Part of the beauty of the system was that it didn’t require the bombers to carry any broadcast equipment – unlike Oboe and Gee-H – which meant that the Germans couldn’t detect the bombers using detection equipment. Nor could the Germans use the signals to work out where the attack was going to come.


^ The Gee navigation system helped bombers find their way accurately to the target location

After the war Dippy moved to the US, where he worked on the successor system, LORAN (LOng RAnge Navigation), which had a range of 1,200 miles. This radio based navigation system was used around the world in conjunction with VOR beacon-based navigation and has only recently been phased out due the popularity and increased accuracy of GPS. However, there are campaigns to get funding back into the LORAN system, so that it can be used as a backup should GPS fail. From Bomber Command’s desire to strike back at Germany came the very first radio navigation system and the start of modern accurate direction finding.


Getting up was one thing, but landing successfully, particularly in the dark was just as dangerous for bomber crews. It was with this in mind that several systems were developed by the Allies to help the incoming bombers set-down safely. Key to this was the Rebecca transponder unit mounted on the aircraft. In itself it acted as a system to tell friend from foe, and similar systems are used on modern planes to identify them. Rebecca could also be used with the Eureka ground-based transmitter.

When the bombers neared home, the Rebecca unit sent out a transmission, which triggered Eureka to reply. The returned pulses were measured on the left and right aerials. By measuring the signal amplitude on both, it was possible to tell which direction Eureka and the airfield lay. Meanwhile, the delay between the broadcast and reply gave range, accurate to within two miles. From this technology modern beacon-based navigation systems were invented, many of which are still in operation, although GPS is taking over. Once the planes knew where to land, the job wasn’t done and the British invented the Blind Approach Beacon System (BABS) to help aircraft land safely.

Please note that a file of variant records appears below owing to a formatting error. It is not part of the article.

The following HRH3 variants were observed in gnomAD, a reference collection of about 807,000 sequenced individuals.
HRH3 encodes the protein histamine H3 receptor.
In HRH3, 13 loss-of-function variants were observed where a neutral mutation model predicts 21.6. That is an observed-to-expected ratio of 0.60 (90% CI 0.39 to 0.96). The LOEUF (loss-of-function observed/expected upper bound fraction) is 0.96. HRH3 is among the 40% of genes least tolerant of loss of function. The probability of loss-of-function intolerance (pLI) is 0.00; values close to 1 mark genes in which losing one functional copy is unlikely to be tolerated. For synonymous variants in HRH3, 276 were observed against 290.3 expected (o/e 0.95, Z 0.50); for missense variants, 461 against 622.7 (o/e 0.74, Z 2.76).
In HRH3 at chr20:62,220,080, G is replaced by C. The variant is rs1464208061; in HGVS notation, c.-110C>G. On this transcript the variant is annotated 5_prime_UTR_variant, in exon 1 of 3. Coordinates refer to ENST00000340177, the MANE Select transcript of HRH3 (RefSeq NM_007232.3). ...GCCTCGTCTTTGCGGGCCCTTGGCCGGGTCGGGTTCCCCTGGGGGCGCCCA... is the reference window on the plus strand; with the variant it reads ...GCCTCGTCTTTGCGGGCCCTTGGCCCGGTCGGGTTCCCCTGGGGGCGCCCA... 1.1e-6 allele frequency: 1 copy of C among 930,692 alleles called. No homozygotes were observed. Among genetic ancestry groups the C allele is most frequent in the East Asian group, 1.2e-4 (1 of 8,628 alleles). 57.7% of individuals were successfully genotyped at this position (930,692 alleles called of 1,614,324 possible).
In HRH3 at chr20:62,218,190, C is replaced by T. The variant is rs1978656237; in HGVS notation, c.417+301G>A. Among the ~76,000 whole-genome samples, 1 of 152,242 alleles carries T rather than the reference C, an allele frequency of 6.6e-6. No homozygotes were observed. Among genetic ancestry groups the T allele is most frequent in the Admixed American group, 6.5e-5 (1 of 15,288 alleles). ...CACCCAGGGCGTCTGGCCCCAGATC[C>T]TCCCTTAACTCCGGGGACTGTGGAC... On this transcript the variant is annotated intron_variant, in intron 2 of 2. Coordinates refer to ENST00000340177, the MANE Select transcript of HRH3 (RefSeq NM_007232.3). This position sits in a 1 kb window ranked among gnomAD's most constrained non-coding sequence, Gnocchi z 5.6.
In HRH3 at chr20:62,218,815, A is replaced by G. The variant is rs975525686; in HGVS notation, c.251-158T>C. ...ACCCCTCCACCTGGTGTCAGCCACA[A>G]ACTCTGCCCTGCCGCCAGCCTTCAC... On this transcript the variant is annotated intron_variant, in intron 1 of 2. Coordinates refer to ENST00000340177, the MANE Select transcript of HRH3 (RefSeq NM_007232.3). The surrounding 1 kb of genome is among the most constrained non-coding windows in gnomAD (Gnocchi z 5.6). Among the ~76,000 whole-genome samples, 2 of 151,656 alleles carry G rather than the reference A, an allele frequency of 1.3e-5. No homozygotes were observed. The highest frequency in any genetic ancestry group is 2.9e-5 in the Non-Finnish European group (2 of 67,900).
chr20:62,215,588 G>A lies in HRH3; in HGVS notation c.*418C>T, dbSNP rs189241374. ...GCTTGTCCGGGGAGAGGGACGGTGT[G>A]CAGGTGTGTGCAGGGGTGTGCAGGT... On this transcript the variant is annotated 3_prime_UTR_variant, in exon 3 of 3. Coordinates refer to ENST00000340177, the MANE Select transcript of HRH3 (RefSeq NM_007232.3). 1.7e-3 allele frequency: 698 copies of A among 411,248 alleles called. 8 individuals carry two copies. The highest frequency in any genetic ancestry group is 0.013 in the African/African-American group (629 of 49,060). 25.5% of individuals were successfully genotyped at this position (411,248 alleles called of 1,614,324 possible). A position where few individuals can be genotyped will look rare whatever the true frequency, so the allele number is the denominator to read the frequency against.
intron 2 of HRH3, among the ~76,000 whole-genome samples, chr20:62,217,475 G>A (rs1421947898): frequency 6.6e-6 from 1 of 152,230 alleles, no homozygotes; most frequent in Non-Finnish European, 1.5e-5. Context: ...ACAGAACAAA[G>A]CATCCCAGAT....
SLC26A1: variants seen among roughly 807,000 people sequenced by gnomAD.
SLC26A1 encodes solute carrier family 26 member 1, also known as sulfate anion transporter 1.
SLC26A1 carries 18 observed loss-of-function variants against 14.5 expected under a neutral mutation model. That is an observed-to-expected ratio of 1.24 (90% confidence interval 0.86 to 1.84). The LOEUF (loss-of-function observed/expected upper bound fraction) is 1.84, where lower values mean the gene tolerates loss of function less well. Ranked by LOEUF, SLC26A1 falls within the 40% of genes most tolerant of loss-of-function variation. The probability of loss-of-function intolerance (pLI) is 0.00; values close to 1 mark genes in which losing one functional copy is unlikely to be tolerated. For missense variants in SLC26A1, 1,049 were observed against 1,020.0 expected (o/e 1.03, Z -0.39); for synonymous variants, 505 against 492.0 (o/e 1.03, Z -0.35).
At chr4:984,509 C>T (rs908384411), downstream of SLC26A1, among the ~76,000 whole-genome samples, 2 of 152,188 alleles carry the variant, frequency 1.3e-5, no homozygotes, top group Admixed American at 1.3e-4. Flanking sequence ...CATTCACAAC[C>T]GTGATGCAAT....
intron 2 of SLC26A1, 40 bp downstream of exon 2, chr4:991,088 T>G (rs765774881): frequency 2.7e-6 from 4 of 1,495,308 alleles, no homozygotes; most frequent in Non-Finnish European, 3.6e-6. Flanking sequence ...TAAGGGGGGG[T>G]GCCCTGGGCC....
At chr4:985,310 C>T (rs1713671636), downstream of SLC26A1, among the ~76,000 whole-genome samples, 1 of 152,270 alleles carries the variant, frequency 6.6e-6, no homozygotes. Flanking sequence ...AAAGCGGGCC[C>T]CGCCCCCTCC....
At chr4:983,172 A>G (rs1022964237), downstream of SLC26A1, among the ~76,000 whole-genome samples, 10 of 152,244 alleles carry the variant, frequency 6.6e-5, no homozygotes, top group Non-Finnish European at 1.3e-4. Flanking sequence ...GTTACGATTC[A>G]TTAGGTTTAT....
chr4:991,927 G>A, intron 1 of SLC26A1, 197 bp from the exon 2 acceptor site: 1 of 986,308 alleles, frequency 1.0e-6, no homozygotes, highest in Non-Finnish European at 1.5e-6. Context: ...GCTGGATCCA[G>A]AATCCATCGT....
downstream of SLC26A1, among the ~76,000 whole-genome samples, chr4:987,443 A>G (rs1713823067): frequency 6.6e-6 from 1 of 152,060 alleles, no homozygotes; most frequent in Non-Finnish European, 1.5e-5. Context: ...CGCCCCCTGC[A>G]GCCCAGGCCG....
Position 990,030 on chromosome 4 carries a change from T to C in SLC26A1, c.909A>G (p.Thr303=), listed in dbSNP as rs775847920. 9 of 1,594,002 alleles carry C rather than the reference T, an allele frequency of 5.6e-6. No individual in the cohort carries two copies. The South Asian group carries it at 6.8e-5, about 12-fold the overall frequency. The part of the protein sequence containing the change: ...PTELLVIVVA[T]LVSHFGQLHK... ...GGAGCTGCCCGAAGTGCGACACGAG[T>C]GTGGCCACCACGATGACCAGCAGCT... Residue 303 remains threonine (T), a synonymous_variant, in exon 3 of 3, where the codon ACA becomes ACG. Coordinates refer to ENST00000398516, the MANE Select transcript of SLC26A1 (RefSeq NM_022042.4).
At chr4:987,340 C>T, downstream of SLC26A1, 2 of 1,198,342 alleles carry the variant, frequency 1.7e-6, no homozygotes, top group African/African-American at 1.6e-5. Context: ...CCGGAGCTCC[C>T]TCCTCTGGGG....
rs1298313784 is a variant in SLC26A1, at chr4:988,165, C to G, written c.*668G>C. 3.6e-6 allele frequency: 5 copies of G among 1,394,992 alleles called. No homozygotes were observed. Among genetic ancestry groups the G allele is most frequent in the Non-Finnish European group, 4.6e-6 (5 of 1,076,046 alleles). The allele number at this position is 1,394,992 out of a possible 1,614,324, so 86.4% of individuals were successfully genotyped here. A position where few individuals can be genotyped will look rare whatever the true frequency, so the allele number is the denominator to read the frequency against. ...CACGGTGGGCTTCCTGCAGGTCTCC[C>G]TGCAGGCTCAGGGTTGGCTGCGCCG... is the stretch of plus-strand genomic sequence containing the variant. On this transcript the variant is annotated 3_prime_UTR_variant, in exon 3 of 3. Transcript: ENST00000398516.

^ Landing aircraft was made safer and easier by the Blind Approach Beacon System CROWN COPYRIGHT, RAF MUSEUM: Crown copyright material is reproduced with the permission of the controller of Her Majesty’s Stationery Office

It was the first radar landing system to be created. The system uses a transponder placed in a Hillman van at the end of the runway. This was interrogated by the Rebecca unit mounted in the aircraft. In response the BABS sent a transmission of dots on one side of the runway and dashes on the other side. The strength of the reception of both signals could be used inside the aircraft to tell its relative position, and help the pilot align the aircraft safely.

Today, the Instrument Landing System (ILS) uses a similar system, presenting the pilot with instructions on whether to fly left, right or even up or down. This technology is essential to helping thousands of planes across the world land in poor conditions, every day.